During a Targeted Oncology Case Based Peer Perspectives event, John K. Chan, MD, reviewed the case of a 49-year-old African American woman with high-grade epithelial ovarian cancer.
During a Targeted Oncology Case Based Peer Perspectives event, John K. Chan, MD, director, Gynecologic Cancer Research and associate clinical professor, Obstetrics/Gynecology, Reproductive Sciences, UCSF Helen Diller Family Comprehensive Cancer Center, reviewed the case of a 49-year-old African American woman with high-grade epithelial ovarian cancer.
Targeted Oncology™: Would you order additional molecular testing for this patient?
CHAN: If the patient is germline positive, I wouldn’t order another molecular test. I know how to treat this patient. I’ve got a piece of the tumor saved, and I can always reorder Foundation [Medicine testing] when the patient recurs.
What are the options for therapy in this patient?
If you use olaparib [Lynparza] alone, the median progression-free survival [PFS] benefit is 56 months.1 Maybe I won’t even need to worry about testing that tumor. She already has the ability to receive olaparib, so I generally don’t do additional molecular tests on these patients.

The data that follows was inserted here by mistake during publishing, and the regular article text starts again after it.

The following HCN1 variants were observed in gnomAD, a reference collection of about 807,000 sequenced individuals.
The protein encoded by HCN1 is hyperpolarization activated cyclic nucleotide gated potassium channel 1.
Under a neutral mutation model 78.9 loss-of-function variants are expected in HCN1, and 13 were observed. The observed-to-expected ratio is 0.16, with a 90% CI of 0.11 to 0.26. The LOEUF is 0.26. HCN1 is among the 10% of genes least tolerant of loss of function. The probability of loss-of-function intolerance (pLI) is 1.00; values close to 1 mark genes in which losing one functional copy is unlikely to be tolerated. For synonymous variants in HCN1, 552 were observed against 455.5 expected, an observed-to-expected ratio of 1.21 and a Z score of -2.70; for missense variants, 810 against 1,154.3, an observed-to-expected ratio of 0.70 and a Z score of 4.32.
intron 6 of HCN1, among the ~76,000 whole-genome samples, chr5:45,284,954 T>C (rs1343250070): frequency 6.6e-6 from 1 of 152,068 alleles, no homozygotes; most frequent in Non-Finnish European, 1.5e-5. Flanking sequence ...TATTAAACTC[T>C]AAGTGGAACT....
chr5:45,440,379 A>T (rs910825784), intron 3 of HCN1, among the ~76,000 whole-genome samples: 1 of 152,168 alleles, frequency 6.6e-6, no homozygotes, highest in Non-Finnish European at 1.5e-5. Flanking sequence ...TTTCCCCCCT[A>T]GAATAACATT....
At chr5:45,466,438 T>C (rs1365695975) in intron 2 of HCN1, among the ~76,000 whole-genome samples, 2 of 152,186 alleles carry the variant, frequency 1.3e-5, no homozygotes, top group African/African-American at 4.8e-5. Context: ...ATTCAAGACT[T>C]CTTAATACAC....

What do you think of the poll results?
Adding bevacizumab [Avastin] is a primary therapy for ovarian cancer. This needle is moving a lot as we speak, with all these combinations [incorporating bevacizumab] starting to come up. We are understanding more and more that ovarian cancer [therapy] is a maintenance strategy. This is very important.
What would you recommend at this point for this patient?
[Most physicians] would go for olaparib because of the SOLO-1 trial [NCT01844986] and because she had germline-positive BRCA gene mutation.2 She was treated with chemotherapy and had a great response, resulting in NED. [This patient is similar to those] that ended up getting the PFS benefit of 50-plus months.
What factors influenced your decision to treat a patient such as this with a PARP inhibitor?
The toxicities. The magnitude of benefits associated with these PARP inhibitors have rocked our world and changed what we do.
1. Banerjee S, Moore KN, Colombo G, et al. Maintenance Olaparib for patients (pts) with newly diagnosed, advanced ovarian cancer (OC) and a BRCA mutation (BRCAm): 5-year (y) follow-up (f/u) from SOLO1. Ann Oncol. 2020;31(suppl 4):S613. Abstract 811MO. doi:10.1016/j.annonc.2020.08.950
2. Moore K, Colombo N, Scambia G, et al. Maintenance olaparib in patients with newly diagnosed advanced ovarian cancer. N Engl J Med. 2018;379(26):2495-2505. doi:10.1056/NEJMoa1810858